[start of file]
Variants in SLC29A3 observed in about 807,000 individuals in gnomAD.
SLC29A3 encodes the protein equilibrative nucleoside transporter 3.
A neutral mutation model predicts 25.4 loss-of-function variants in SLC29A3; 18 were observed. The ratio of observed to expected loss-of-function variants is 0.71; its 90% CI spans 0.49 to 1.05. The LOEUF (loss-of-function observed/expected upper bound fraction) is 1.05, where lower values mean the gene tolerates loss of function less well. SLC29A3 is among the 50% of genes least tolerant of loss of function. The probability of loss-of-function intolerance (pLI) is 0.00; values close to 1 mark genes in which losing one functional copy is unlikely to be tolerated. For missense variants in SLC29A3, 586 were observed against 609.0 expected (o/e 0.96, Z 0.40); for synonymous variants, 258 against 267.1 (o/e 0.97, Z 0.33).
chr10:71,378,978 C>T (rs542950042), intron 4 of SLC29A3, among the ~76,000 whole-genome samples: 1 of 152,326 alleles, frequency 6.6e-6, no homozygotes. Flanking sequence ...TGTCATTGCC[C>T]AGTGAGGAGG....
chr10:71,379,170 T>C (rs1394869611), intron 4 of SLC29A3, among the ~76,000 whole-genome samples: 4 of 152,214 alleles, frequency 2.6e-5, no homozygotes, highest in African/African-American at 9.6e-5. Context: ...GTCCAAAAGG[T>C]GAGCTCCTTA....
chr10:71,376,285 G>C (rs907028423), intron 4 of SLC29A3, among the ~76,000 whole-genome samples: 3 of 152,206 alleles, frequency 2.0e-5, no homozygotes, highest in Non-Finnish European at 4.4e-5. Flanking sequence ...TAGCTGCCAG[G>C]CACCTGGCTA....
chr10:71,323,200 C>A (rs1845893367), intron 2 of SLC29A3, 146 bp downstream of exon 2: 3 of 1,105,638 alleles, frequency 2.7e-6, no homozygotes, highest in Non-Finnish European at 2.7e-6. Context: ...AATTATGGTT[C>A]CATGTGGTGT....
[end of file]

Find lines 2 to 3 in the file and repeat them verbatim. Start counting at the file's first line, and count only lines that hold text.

SLC29A3 encodes the protein equilibrative nucleoside transporter 3.
A neutral mutation model predicts 25.4 loss-of-function variants in SLC29A3; 18 were observed. The ratio of observed to expected loss-of-function variants is 0.71; its 90% CI spans 0.49 to 1.05. The LOEUF (loss-of-function observed/expected upper bound fraction) is 1.05, where lower values mean the gene tolerates loss of function less well. SLC29A3 is among the 50% of genes least tolerant of loss of function. The probability of loss-of-function intolerance (pLI) is 0.00; values close to 1 mark genes in which losing one functional copy is unlikely to be tolerated. For missense variants in SLC29A3, 586 were observed against 609.0 expected (o/e 0.96, Z 0.40); for synonymous variants, 258 against 267.1 (o/e 0.97, Z 0.33).